By John Salminen
In the last stages of painting Gloucester Boatyard (above), I decided to add emphasis to the center of interest—the boats in the midground. One way I accomplished this was to use a mouth atomizer to darken the values around that center of interest, creating a spotlit effect. I chose to darken the values with a mouth atomizer rather than a wash because, with the atomizer, I could direct a delicate mist of paint without smudging the underlying painted surface I’d worked so hard to create.
What Is a Mouth Atomizer?
A mouth atomizer is a device consisting of two tubes, either hinged or permanently fixed at the proper angle with a crosspiece. With the tubes forming a right angle, the artist submerges the end of the narrower tube into paint or other liquid and then blows into the wider tube, creating an evenly sprayed mist.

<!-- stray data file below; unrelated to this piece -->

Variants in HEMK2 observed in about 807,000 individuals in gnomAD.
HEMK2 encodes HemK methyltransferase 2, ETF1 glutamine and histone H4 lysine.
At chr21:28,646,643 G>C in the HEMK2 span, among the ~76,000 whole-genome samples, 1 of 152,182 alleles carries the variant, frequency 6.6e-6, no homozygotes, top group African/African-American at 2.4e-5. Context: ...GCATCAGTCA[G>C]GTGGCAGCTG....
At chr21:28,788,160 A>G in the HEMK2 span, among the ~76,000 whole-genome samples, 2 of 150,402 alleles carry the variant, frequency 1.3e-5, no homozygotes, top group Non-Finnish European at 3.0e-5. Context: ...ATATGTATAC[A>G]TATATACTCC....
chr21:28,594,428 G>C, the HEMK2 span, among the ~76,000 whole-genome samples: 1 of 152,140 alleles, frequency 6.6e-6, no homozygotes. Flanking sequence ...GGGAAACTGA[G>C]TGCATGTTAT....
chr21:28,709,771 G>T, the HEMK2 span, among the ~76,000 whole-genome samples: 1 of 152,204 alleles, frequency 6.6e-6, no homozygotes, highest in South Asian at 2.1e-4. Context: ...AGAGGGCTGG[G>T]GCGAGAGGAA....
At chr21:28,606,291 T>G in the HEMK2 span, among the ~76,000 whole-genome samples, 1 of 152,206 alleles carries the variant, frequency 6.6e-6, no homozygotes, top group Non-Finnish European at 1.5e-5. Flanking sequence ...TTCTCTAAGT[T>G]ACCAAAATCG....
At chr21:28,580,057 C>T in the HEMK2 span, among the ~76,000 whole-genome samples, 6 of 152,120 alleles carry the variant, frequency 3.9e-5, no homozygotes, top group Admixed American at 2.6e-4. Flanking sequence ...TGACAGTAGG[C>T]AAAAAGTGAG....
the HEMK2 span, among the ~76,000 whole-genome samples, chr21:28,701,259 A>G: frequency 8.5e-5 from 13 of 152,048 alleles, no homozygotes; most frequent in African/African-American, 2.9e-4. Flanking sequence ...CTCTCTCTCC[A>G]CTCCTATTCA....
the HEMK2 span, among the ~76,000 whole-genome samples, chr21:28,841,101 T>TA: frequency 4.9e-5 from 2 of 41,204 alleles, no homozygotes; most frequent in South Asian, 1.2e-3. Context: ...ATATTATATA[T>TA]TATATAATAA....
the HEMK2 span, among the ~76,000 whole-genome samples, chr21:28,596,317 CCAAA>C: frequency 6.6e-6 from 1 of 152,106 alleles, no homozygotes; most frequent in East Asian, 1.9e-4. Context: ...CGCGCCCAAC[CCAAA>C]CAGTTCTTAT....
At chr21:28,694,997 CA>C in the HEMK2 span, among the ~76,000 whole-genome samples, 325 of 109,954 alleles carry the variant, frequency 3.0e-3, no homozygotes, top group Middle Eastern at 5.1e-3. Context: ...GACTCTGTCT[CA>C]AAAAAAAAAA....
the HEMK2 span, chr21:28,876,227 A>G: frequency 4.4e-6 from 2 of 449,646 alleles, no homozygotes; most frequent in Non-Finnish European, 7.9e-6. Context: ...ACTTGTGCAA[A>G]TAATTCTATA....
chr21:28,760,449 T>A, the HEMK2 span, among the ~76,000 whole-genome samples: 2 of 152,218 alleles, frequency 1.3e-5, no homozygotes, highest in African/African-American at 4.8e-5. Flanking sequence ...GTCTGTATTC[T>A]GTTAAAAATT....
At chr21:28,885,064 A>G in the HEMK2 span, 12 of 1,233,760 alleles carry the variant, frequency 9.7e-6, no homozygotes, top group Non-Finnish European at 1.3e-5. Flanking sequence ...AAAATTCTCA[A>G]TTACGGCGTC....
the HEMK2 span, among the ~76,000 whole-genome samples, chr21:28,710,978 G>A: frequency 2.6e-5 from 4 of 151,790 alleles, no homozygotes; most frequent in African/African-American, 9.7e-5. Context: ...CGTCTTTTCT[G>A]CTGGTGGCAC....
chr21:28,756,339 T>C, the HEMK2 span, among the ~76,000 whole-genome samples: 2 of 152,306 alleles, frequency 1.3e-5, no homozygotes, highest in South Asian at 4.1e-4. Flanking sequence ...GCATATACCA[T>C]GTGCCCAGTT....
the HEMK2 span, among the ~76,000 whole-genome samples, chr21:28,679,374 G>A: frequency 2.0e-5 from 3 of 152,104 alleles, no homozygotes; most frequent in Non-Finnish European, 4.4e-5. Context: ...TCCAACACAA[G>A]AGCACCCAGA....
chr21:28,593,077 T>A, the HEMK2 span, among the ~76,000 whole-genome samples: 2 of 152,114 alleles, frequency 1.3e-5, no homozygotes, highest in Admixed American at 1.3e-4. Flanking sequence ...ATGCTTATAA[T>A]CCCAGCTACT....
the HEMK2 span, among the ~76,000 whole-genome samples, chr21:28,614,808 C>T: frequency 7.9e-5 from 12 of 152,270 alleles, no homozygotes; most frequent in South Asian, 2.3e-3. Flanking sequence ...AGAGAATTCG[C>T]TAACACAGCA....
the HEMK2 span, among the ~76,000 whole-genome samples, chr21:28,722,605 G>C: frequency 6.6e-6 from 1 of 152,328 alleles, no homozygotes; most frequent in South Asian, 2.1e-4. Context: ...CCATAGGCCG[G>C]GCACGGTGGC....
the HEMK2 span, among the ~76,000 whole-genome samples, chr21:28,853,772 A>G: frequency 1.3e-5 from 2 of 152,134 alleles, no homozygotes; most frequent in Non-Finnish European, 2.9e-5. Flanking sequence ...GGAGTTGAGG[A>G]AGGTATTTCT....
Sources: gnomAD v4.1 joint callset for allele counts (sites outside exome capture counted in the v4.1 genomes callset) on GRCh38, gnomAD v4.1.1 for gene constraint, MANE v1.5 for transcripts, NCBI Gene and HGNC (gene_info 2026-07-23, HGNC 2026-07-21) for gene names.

I prefer the Pat Dews atomizer (above), which is fixed at the proper angle. It’s more expensive than a hinged atomizer, but I find the fixed-angle version more durable and easier to use.
John Salminen is one of America’s most highly recognized watercolorists. For more information, visit his website at www.johnsalminen.com. See also his full demonstration of the painting Gloucester Boatyard appears in the Brushing Up column of the October 2011 issue of The Artist’s Magazine.
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